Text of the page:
I’ve picked my personal favourites – blogs which have a great story to tell, useful advice and are lovely to look at. In truth, I’m not big on blogs which exist merely to sell sell sell. I buy from real people telling real stories. Start with these and you won’t regret it.  Ben grows flowers on a field in Cornwall. His blog is a quirky mix of laid back organic gardening and easy to follow advice about growing flowers ‘to impress girls’.  Karen gardens at Trinity College in Cambridge and has spent the last season, in addition to her regular gardening work, growing cut flowers in an experimental way for the good folk who work there. Her blog is an honest account of of the less well known flowers to grow in your patch, what works in the ground and in the vase and what doesn’t. She knows oodles.  Lou knows all about allotment cut flower growing. So much so that she’s been commissioned to write a book which is out in March. Her blog is full of observational advice about growing all sorts of things and what to do with it.    Inspirational, aspirational and very pretty to look at. Maz and Becca’s blog tells the story of their flower field and their flower business in Cornwall.  Hardworking Karen at Peter Nyssen is a mine of information on bulbs, how to grow them and which varieties are best for your needs. She is also incredibly generous in her time and advice to all comers. Service efficient, quality superb.  This was the first blog I ever read. Tells the story of being a novice, acquiring an allotment and learning to grow right through to redesigning your home growing space, having a family and moving to another country as a skilled grower.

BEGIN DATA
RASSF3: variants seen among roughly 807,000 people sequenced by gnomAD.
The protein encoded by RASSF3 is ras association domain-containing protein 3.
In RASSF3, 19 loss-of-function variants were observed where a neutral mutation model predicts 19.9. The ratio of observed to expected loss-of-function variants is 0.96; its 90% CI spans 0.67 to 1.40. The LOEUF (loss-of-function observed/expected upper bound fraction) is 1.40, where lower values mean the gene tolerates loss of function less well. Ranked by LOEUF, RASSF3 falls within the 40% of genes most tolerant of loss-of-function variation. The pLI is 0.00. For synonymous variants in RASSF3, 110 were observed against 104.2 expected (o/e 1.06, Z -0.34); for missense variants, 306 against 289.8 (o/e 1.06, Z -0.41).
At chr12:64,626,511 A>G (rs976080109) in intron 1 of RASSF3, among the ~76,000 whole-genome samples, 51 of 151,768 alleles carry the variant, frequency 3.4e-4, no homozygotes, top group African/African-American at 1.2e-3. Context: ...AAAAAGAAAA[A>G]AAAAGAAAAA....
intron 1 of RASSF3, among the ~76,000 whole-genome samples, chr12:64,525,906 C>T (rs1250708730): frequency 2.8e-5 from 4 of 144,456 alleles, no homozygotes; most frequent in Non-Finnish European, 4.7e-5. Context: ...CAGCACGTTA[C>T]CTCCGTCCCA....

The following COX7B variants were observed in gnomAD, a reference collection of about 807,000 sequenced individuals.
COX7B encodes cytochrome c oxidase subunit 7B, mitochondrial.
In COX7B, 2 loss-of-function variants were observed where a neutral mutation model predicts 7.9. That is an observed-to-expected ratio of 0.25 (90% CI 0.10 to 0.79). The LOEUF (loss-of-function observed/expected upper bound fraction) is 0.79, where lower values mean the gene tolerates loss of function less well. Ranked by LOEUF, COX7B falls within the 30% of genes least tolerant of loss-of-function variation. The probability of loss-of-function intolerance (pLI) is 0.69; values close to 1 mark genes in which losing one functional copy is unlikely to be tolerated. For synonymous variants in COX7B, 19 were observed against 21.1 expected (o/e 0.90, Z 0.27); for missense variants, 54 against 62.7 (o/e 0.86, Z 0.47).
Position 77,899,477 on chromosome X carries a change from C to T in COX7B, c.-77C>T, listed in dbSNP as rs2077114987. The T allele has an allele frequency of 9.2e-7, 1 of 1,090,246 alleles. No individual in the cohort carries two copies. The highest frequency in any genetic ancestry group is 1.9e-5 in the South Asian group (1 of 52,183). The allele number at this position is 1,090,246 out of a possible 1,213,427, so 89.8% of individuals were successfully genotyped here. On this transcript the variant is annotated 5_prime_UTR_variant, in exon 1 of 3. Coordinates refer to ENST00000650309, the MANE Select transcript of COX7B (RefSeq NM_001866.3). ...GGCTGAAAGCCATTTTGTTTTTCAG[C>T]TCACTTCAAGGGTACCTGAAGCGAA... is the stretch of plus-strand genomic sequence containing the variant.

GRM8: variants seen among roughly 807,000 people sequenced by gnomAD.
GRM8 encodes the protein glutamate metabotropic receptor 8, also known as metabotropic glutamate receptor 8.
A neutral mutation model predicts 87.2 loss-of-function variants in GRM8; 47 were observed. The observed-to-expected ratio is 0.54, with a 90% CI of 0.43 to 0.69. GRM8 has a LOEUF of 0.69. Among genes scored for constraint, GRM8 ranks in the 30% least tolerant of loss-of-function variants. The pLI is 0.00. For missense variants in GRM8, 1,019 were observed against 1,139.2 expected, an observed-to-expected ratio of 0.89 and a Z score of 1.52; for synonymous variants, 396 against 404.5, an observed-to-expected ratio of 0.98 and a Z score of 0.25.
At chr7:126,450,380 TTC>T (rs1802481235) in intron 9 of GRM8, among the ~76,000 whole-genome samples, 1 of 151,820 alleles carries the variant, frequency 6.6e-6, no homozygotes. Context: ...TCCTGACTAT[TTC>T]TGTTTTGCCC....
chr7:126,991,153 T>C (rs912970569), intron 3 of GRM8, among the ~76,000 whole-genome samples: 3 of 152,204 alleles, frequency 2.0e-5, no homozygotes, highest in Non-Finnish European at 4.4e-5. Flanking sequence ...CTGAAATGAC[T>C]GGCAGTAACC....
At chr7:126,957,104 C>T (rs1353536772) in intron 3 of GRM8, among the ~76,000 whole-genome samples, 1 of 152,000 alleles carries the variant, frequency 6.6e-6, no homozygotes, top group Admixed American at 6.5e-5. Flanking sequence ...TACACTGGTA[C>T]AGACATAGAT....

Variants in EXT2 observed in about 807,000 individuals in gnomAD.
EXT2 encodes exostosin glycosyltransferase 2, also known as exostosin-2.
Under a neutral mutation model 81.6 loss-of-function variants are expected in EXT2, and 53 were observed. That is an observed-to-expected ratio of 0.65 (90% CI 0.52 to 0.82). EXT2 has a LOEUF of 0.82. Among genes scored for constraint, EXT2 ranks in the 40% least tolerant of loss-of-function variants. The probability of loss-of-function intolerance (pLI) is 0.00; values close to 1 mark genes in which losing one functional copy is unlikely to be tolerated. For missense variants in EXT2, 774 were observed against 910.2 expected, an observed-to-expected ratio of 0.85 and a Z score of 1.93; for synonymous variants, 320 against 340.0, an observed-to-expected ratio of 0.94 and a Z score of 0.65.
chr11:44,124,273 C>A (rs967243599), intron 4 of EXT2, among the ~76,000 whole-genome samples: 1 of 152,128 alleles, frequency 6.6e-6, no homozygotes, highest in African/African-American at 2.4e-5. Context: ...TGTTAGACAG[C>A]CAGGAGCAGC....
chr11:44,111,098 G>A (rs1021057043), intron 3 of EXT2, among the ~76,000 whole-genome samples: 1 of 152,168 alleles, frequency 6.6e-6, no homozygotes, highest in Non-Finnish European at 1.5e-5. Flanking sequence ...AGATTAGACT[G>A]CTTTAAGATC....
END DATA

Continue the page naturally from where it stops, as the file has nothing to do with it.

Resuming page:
Once you’ve immersed yourself in these there are loads of others on the full list, recommended (or self-recommended) by the good #britishflower tweeps.

Happy reading.

pic courtesy of Sara Willman (@myflowerpatch), another inspirational and generous flowery friend. She seems to be reading a blog I recognise. 🙂

Season of mists and mellow fruitfulness…

autumn colour flowers
Keats was pretty observant, wasn’t he? Autumn days round here invariable start in a grey mizzle but by the middle of the afternoon, the sun’s out and I’m harvesting a crop of something from the plot. It’s been a good year for Autumn Bliss raspberries; but not as good as last year. It’s been a good year for apples; much better than last year. And it’s been a fantastic year for cut flowers.
You may recall that after last year’s garlic rust and pitiful supply of runner beans, I threw a hissy fit and turned the allotment over to cut flowers. I haven’t regretted it for one moment. I’m still cutting enough for three massive vases every week and my fresh veg comes from the local box scheme. My salads have survived quite happily in containers at home as described here.